Merchandising

Don’t sell yourself short

Whether you like it or not, veterinary practices are also retailers, so now is the time to turn your austere waiting room into a moneymaker.

Don’t sell yourself short
A captive audience is such a rare commodity in the distraction-filled, hyperspeed world we live in. But you have one. You literally have retail magic just waiting to happen.

You are a retailer. Surprised? Don’t be.

Many veterinary practitioners have incredible revenue potential they have yet to unlock, and it is sitting right in front of them in the waiting room. It’s not the patients. It’s the retail store they have yet to fully open for business.

Though I was born into veterinary medicine, living above my family’s practice, I needed years to find my calling in the community. While I was on my journey home, I spent many good years working with Fortune 500 and 1000 retail companies, helping them determine how to drive more people into stores, how to keep the customers shopping longer, and how to persuade customers to make a purchase.

These companies would invest tens of millions of dollars to figure out the science of the sale. They know that even the smallest change in shelf location, visibility, height, color or air temperature could result in tens of thousands of dollars of incremental profit in just one item for sale, let alone throughout the entire store.

Good retailers are successful because they know the secret. If they can get folks into their stores, they have a high probability of making a sale. Getting them in is 90 percent of the battle. You already have that battle won.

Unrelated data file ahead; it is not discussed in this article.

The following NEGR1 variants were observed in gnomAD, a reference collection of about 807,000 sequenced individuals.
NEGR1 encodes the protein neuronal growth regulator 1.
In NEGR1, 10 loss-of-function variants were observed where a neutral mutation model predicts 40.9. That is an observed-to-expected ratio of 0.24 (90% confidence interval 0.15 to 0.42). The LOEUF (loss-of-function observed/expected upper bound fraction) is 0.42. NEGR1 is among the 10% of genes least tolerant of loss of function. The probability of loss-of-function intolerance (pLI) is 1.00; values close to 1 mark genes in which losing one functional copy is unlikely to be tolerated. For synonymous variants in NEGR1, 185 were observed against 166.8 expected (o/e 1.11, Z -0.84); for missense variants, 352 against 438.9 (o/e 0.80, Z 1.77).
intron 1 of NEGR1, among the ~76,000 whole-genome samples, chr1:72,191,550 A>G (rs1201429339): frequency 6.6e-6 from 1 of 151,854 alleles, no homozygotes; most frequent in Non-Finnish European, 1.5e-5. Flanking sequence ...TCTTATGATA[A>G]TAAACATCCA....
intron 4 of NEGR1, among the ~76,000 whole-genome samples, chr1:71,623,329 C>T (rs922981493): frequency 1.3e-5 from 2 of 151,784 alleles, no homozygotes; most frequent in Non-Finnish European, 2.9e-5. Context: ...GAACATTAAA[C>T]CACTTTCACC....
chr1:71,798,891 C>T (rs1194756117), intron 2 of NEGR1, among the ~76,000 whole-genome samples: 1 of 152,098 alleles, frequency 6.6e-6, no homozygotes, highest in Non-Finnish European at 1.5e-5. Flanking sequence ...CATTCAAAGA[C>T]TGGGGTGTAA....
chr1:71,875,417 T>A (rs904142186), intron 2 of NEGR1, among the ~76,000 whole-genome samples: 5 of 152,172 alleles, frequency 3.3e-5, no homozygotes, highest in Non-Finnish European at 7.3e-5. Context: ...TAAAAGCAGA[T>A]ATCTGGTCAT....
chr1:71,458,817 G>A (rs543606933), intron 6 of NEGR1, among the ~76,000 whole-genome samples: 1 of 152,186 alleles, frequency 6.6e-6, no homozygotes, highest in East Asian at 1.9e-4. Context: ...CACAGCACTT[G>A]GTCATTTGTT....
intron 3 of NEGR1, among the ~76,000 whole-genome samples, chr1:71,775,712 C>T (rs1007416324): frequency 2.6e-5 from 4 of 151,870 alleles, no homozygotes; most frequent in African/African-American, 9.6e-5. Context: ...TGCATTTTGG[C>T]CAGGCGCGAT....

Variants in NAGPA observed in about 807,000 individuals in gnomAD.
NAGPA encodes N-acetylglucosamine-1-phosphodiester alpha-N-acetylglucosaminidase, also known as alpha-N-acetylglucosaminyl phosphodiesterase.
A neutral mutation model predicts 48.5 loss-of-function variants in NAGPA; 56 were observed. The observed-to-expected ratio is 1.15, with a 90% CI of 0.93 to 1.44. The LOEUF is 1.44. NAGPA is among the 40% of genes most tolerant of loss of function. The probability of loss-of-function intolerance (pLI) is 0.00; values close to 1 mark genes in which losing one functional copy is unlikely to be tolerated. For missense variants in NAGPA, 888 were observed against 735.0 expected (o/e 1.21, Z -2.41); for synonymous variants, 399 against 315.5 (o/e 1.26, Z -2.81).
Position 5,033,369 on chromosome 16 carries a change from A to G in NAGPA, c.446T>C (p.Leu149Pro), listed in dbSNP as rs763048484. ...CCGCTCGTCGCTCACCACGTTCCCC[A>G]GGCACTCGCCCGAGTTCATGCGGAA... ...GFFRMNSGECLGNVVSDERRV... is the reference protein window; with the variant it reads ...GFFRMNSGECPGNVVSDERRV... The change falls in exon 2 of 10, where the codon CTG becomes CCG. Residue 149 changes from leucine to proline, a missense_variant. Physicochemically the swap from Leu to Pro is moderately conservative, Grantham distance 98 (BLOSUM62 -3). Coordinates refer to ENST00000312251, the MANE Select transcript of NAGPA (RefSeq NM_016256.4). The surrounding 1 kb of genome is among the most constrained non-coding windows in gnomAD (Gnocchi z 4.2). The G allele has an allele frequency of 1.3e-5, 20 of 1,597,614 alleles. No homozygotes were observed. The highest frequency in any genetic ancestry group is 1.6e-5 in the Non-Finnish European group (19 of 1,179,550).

What Are You Forgetting?

When I first tell veterinarians that they are also retailers, I often get a confused look. But the cold truth is that retail is one of the most overlooked areas of potential profit in the practice, yet one of the most underutilized.

It makes sense why. You are a veterinarian running a busy practice, and you have no time to start thinking about additional inventory, SKUs or product mix. You probably think there is barely room for a food display or brochure holder, let alone a fish bowl holding complimentary dog treats. Right?

But the reality is that a veterinary practice can drive major incremental revenue, when done correctly, by adding a few key retail items.

And you can do all this while maintaining a relatively small footprint, or sometimes using no waiting room real estate at all.

Here’s why doing this is worth serious consideration:

  • The biggest challenges that traditional stores have in selling products is not in the actual sale. The largest hurdles are getting folks into the store, grabbing their attention and getting them to stay — the longer they shop, the more they are inclined to buy. Your practice has a huge advantage in this regard.
  • Your clients likely will have to wait for some period after their arrival. They have the time to look around, stare, observe, kill time. You have their undivided attention.

A Captive Audience

One old saying in the retail world is that in-store is still the only place in the world where products, people and their money are all in the same place at the same time. A captive audience is such a rare commodity in the distraction-filled, hyperspeed world we live in. But you have one. You literally have retail magic just waiting to happen.

While traditional retailers scratch their heads over how to get someone through the front door, this major obstacle is mitigated for you by default. Your clients are coming in regardless, and now you have a wonderful, captive audience ready to do some buying if they are engaged, enlightened and educated. That’s a beautiful thing.